Fleming or the Supe: Whose Numbers Add Up?

There are a few certainties when one sits down with Dr. Bruce Fleming for an interview. At the top of the list is the fact that the USNA English professor will hold no punches. He will tell you his opinion and won't mince words in the process. The other fact is that most Navy sports fans won't like what he has to say. Will this time be any different? Keep reading to find out.

In anticipation of my interview with U.S. Naval Academy professor Bruce Fleming I asked Navy fans to submit questions that they would like him to answer. The overwhelming majority of submissions I received revolved around the financial aspect of Fleming's New York Times opinion piece. In it he said:

"With the rise after World War II of the Reserve Officer Training Corps programs at universities around the country, the academies now produce 20 percent or less of the officers in each service, at an average cost to taxpayers of nearly half a million dollars per student, more than four times what an R.O.T.C.-trained officer costs."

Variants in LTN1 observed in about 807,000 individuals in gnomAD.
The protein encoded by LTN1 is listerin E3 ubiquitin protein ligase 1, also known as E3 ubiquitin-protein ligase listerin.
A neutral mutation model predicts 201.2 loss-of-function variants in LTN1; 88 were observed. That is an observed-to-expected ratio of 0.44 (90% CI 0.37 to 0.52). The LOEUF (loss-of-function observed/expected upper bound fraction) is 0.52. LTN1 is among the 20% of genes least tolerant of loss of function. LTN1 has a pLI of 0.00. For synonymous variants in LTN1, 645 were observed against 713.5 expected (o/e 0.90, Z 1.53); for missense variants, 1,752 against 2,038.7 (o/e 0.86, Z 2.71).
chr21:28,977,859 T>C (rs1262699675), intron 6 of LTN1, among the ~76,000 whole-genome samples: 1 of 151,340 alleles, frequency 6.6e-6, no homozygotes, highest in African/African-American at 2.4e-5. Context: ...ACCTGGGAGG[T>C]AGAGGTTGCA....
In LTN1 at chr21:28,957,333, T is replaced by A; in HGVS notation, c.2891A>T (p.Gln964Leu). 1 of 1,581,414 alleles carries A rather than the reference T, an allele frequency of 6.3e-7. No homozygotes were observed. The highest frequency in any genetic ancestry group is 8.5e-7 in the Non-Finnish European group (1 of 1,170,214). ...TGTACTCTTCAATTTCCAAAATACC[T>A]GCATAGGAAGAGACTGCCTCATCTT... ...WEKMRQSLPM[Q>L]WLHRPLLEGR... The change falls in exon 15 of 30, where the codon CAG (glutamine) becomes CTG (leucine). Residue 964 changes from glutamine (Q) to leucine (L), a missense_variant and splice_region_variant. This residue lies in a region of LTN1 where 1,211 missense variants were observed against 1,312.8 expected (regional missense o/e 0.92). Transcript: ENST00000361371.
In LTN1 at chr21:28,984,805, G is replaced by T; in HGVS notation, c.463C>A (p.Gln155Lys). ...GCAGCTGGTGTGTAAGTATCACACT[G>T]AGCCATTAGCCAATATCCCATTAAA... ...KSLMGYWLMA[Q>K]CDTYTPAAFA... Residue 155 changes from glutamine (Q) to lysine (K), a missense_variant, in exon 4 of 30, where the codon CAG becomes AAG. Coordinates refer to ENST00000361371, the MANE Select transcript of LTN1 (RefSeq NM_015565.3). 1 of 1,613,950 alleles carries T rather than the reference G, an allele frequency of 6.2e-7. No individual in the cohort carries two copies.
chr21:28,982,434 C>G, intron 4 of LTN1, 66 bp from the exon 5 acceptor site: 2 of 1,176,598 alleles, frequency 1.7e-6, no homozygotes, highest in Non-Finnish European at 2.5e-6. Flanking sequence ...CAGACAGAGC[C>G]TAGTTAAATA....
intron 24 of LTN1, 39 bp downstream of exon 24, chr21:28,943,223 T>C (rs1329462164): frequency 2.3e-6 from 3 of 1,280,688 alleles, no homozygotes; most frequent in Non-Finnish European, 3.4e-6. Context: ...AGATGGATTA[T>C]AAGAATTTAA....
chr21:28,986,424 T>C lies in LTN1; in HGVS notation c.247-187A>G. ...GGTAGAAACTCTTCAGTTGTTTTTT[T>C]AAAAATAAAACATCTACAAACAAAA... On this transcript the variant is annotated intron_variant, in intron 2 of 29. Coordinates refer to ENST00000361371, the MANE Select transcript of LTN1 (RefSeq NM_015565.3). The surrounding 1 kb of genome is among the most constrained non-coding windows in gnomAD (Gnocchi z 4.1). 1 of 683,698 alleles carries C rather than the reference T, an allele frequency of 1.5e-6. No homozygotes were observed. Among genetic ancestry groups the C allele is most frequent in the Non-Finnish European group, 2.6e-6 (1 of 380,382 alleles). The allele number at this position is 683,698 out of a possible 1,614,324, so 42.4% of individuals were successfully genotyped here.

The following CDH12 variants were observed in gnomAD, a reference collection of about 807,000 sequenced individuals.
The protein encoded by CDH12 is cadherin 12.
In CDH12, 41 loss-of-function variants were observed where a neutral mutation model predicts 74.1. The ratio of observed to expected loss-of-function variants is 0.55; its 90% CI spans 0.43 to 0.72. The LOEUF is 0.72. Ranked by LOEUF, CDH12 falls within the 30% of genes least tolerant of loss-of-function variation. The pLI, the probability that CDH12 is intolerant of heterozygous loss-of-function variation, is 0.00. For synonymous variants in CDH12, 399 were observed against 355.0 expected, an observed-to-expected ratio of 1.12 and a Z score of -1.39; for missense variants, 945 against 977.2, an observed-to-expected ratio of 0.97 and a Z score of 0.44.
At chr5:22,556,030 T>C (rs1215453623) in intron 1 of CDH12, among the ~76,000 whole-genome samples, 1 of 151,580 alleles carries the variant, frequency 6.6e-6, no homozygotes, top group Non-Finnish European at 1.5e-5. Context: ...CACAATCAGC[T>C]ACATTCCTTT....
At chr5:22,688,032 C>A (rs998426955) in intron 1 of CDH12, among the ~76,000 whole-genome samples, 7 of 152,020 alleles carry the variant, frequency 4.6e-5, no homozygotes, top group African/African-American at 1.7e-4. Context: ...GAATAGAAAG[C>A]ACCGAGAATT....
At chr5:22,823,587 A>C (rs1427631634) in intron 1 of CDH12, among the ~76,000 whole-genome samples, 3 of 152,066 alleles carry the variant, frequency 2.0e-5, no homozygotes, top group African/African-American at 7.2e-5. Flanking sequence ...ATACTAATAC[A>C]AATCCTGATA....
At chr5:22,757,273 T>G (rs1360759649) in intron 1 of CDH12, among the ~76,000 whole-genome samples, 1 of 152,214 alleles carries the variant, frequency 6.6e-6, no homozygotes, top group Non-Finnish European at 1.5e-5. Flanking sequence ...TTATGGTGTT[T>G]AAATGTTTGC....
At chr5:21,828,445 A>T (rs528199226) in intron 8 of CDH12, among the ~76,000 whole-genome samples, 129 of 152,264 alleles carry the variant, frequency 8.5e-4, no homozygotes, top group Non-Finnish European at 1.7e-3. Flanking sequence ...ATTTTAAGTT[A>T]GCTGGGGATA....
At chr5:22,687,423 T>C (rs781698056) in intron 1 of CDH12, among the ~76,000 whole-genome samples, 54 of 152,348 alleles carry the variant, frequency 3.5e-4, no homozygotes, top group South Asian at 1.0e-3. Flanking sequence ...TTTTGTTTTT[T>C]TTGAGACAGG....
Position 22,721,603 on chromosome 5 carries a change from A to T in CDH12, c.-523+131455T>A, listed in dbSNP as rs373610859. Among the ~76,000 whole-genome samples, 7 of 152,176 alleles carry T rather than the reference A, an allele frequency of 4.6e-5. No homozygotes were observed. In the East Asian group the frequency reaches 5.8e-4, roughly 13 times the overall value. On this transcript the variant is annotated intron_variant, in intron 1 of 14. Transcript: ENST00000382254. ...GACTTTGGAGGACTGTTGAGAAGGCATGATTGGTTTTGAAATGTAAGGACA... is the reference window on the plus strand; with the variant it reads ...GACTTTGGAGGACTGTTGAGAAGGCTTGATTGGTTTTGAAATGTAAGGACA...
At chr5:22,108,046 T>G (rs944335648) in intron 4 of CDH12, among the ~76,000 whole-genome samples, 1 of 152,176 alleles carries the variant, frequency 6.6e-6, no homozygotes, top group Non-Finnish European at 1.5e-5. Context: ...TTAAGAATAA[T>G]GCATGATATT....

In response to this claim, the outgoing Superintendent of the Naval Academy, Vice Adm. Jeffrey Fowler had this to say in his rebuttal:

"The cost associated with educating a Naval Academy midshipman is also far less than stated in the May 21st op-ed. When a midshipman fails to complete the academy program and is charged for their four-year education, that bill comes to $170,000, a figure established by the Department of the Navy. The costs associated with educating an academy student are in fact comparable to or less than the total realized costs of educating an ROTC student at select private or other state-funded universities."